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Dissipative systems: Implications for geomorphology

Dissipative systems: Implications for geomorphology A recent revolution in the study of nonlinear dynamical systems in the physical sciences has shown the worth of regarding systems as dissipative. The nature of dissipative systems in equations, bifurcations, and fluctuations. Some speculations are then made concerning the implications of dissipative system theory for geomorphology. It is suggested that geomorphological systems containing bifurcations will have both deterministic (universal and necessary) and probabilistic (historical happenstance) elements; they will have more than one solution (configuration) and this fact calls into question notions of process domains leading to the development of characteristic forms; they will possess varying degrees of susceptibility to change induced by fluctuations; and they will respond differently to local, regional, and global fluctuations. http://www.deepdyve.com/assets/images/DeepDyve-Logo-lg.png Earth Surface Processes and Landforms Wiley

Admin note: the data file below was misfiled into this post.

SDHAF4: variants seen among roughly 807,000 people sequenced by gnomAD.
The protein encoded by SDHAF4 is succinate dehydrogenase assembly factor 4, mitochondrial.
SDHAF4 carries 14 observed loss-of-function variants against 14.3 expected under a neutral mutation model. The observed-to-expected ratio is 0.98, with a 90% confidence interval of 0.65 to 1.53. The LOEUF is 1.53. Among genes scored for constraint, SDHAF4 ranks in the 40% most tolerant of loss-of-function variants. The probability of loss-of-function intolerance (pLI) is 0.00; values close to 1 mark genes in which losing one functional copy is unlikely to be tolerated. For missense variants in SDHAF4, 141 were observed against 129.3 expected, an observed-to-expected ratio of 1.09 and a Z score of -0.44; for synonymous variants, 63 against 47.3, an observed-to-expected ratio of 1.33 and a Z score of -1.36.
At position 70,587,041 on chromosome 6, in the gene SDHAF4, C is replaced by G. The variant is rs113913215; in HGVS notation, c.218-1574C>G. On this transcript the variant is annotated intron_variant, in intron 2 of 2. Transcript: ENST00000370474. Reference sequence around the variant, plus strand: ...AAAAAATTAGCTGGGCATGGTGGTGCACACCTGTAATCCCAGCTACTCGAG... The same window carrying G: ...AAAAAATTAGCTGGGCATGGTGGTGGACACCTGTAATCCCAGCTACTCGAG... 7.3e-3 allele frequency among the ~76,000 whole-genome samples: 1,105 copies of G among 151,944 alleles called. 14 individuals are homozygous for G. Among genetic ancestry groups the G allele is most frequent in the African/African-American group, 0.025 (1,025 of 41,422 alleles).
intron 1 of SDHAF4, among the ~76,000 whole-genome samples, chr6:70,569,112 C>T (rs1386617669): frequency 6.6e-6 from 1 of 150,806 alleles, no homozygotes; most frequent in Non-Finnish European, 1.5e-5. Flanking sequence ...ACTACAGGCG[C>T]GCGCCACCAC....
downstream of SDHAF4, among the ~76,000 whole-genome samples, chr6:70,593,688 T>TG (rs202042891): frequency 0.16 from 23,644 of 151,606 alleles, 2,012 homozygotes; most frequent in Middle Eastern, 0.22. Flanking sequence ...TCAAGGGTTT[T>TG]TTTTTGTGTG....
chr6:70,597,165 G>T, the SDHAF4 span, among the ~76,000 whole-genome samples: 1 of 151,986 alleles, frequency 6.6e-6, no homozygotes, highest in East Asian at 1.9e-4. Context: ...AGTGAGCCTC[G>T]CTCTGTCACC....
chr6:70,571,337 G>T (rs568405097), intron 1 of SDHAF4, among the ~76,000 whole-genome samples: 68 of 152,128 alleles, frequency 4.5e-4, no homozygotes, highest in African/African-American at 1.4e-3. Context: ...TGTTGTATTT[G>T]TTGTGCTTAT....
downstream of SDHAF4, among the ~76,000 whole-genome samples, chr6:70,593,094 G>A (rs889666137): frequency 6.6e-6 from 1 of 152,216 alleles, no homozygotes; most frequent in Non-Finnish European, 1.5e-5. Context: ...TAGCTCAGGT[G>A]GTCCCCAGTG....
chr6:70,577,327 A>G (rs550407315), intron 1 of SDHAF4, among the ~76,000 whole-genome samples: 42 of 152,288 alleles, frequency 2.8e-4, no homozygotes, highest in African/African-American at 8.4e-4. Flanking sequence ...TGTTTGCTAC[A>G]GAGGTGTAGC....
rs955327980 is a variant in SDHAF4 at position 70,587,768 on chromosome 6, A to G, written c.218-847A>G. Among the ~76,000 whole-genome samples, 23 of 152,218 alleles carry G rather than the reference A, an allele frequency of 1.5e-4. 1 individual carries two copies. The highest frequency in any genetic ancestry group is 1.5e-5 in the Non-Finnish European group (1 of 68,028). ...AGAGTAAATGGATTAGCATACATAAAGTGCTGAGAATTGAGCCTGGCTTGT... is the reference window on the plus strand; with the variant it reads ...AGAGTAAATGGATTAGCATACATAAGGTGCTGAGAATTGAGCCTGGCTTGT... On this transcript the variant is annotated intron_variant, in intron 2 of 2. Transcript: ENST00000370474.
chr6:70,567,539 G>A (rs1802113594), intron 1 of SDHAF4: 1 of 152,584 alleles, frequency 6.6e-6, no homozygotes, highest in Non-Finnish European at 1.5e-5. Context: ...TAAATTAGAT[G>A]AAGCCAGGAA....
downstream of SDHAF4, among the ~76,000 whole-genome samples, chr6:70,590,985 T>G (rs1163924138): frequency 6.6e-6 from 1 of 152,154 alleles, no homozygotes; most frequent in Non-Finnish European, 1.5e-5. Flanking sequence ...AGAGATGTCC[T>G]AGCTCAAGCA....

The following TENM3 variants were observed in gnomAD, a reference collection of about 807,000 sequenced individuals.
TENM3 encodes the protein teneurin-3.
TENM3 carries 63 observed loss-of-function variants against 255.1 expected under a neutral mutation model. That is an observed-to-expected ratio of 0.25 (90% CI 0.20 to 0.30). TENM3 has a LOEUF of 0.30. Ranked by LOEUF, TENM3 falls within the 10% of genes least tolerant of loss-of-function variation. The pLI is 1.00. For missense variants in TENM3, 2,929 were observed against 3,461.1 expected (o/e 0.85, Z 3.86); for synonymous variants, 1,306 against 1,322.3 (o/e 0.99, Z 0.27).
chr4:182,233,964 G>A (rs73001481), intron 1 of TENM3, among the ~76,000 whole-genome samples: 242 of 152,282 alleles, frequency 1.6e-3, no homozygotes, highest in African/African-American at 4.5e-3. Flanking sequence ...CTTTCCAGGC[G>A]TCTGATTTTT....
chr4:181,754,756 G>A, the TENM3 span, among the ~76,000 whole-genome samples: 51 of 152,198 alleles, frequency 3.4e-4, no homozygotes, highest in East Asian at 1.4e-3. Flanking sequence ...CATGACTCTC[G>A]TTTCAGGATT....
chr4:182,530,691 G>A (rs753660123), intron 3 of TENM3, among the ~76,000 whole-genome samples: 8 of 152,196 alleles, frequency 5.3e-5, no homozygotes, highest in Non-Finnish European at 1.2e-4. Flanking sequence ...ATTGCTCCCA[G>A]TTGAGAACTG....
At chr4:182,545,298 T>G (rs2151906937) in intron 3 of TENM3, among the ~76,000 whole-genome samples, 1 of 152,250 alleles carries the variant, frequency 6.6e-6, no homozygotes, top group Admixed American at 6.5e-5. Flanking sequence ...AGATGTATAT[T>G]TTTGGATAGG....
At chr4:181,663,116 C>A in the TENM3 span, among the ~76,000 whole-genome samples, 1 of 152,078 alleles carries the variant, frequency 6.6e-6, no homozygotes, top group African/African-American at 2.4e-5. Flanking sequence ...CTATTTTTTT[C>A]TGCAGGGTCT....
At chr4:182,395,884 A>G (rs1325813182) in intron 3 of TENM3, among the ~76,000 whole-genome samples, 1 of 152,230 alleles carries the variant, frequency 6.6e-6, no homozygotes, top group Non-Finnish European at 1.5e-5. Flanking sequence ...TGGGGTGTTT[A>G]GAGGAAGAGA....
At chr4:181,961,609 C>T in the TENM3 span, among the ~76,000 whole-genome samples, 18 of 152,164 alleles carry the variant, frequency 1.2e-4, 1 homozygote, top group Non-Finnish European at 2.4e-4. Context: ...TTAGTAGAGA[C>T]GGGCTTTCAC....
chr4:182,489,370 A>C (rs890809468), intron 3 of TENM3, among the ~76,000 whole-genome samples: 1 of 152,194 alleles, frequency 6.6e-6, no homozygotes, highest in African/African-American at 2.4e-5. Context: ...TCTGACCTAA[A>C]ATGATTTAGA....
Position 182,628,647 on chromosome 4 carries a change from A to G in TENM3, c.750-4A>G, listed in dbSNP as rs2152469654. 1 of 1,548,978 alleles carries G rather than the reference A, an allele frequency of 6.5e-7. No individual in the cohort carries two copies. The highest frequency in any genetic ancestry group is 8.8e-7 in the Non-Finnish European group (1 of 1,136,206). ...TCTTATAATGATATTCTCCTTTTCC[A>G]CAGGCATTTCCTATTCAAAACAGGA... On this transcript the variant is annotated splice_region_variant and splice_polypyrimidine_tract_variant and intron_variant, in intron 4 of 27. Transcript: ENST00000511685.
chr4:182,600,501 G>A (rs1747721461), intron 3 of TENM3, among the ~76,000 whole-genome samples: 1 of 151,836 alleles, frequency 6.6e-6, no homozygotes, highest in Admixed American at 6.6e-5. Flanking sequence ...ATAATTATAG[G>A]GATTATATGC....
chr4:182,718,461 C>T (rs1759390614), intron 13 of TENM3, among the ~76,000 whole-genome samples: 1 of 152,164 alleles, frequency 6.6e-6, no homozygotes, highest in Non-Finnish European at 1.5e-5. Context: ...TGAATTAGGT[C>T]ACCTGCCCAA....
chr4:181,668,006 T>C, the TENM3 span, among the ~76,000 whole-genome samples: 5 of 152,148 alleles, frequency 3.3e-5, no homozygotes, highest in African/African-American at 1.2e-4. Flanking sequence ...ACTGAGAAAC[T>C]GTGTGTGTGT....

Dissipative systems: Implications for geomorphology

Earth Surface Processes and Landforms , Volume 13 (1) – Feb 1, 1988

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Publisher
Wiley
Copyright
Copyright © 1988 John Wiley & Sons, Ltd
ISSN
0197-9337
eISSN
1096-9837
DOI
10.1002/esp.3290130107
Publisher site
See Article on Publisher Site

Abstract

A recent revolution in the study of nonlinear dynamical systems in the physical sciences has shown the worth of regarding systems as dissipative. The nature of dissipative systems in equations, bifurcations, and fluctuations. Some speculations are then made concerning the implications of dissipative system theory for geomorphology. It is suggested that geomorphological systems containing bifurcations will have both deterministic (universal and necessary) and probabilistic (historical happenstance) elements; they will have more than one solution (configuration) and this fact calls into question notions of process domains leading to the development of characteristic forms; they will possess varying degrees of susceptibility to change induced by fluctuations; and they will respond differently to local, regional, and global fluctuations.

Journal

Earth Surface Processes and LandformsWiley

Published: Feb 1, 1988

References